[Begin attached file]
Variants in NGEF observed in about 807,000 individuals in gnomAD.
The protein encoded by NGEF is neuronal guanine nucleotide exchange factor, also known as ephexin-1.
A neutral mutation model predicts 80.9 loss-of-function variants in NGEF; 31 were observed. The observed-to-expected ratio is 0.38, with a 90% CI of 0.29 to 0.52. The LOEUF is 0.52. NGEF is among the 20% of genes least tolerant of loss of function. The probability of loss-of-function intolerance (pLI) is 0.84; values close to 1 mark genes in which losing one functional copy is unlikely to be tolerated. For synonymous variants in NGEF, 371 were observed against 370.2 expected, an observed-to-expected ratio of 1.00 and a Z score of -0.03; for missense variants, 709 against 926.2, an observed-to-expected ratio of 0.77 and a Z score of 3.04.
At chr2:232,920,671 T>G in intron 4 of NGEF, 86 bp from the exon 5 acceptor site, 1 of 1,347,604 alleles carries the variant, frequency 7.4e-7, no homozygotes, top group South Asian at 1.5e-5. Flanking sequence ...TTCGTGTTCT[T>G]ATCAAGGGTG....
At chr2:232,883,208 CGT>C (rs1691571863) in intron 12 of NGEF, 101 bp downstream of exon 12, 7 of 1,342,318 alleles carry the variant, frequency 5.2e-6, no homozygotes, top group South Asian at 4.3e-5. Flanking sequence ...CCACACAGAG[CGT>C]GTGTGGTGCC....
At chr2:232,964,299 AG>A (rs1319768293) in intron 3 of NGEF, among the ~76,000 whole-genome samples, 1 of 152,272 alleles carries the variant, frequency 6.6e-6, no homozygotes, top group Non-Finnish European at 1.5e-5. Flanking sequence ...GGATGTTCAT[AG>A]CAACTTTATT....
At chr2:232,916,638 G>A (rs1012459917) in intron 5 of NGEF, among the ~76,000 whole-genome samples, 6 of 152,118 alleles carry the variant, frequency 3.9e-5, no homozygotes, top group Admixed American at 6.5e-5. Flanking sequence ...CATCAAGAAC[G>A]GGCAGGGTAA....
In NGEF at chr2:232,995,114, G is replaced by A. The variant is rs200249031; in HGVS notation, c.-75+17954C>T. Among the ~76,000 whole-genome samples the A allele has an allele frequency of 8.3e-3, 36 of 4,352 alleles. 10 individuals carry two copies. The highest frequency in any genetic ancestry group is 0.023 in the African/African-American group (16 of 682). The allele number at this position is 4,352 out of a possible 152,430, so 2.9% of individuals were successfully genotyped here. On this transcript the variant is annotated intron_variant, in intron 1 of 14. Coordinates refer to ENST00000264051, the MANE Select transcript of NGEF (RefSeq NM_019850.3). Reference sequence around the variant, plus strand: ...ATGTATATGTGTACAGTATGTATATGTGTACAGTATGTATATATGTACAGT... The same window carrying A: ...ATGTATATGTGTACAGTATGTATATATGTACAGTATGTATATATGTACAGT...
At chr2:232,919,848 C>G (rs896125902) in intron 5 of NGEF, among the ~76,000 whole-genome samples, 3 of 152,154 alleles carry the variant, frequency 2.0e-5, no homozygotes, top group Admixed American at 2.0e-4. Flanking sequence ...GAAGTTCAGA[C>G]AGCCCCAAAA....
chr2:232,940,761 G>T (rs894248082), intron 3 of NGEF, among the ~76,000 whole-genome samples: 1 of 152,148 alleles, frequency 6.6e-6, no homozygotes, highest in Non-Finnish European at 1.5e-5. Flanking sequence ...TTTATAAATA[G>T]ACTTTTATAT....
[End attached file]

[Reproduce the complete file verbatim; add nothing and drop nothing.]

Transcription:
Variants in NGEF observed in about 807,000 individuals in gnomAD.
The protein encoded by NGEF is neuronal guanine nucleotide exchange factor, also known as ephexin-1.
A neutral mutation model predicts 80.9 loss-of-function variants in NGEF; 31 were observed. The observed-to-expected ratio is 0.38, with a 90% CI of 0.29 to 0.52. The LOEUF is 0.52. NGEF is among the 20% of genes least tolerant of loss of function. The probability of loss-of-function intolerance (pLI) is 0.84; values close to 1 mark genes in which losing one functional copy is unlikely to be tolerated. For synonymous variants in NGEF, 371 were observed against 370.2 expected, an observed-to-expected ratio of 1.00 and a Z score of -0.03; for missense variants, 709 against 926.2, an observed-to-expected ratio of 0.77 and a Z score of 3.04.
At chr2:232,920,671 T>G in intron 4 of NGEF, 86 bp from the exon 5 acceptor site, 1 of 1,347,604 alleles carries the variant, frequency 7.4e-7, no homozygotes, top group South Asian at 1.5e-5. Flanking sequence ...TTCGTGTTCT[T>G]ATCAAGGGTG....
At chr2:232,883,208 CGT>C (rs1691571863) in intron 12 of NGEF, 101 bp downstream of exon 12, 7 of 1,342,318 alleles carry the variant, frequency 5.2e-6, no homozygotes, top group South Asian at 4.3e-5. Flanking sequence ...CCACACAGAG[CGT>C]GTGTGGTGCC....
At chr2:232,964,299 AG>A (rs1319768293) in intron 3 of NGEF, among the ~76,000 whole-genome samples, 1 of 152,272 alleles carries the variant, frequency 6.6e-6, no homozygotes, top group Non-Finnish European at 1.5e-5. Flanking sequence ...GGATGTTCAT[AG>A]CAACTTTATT....
At chr2:232,916,638 G>A (rs1012459917) in intron 5 of NGEF, among the ~76,000 whole-genome samples, 6 of 152,118 alleles carry the variant, frequency 3.9e-5, no homozygotes, top group Admixed American at 6.5e-5. Flanking sequence ...CATCAAGAAC[G>A]GGCAGGGTAA....
In NGEF at chr2:232,995,114, G is replaced by A. The variant is rs200249031; in HGVS notation, c.-75+17954C>T. Among the ~76,000 whole-genome samples the A allele has an allele frequency of 8.3e-3, 36 of 4,352 alleles. 10 individuals carry two copies. The highest frequency in any genetic ancestry group is 0.023 in the African/African-American group (16 of 682). The allele number at this position is 4,352 out of a possible 152,430, so 2.9% of individuals were successfully genotyped here. On this transcript the variant is annotated intron_variant, in intron 1 of 14. Coordinates refer to ENST00000264051, the MANE Select transcript of NGEF (RefSeq NM_019850.3). Reference sequence around the variant, plus strand: ...ATGTATATGTGTACAGTATGTATATGTGTACAGTATGTATATATGTACAGT... The same window carrying A: ...ATGTATATGTGTACAGTATGTATATATGTACAGTATGTATATATGTACAGT...
At chr2:232,919,848 C>G (rs896125902) in intron 5 of NGEF, among the ~76,000 whole-genome samples, 3 of 152,154 alleles carry the variant, frequency 2.0e-5, no homozygotes, top group Admixed American at 2.0e-4. Flanking sequence ...GAAGTTCAGA[C>G]AGCCCCAAAA....
chr2:232,940,761 G>T (rs894248082), intron 3 of NGEF, among the ~76,000 whole-genome samples: 1 of 152,148 alleles, frequency 6.6e-6, no homozygotes, highest in Non-Finnish European at 1.5e-5. Flanking sequence ...TTTATAAATA[G>T]ACTTTTATAT....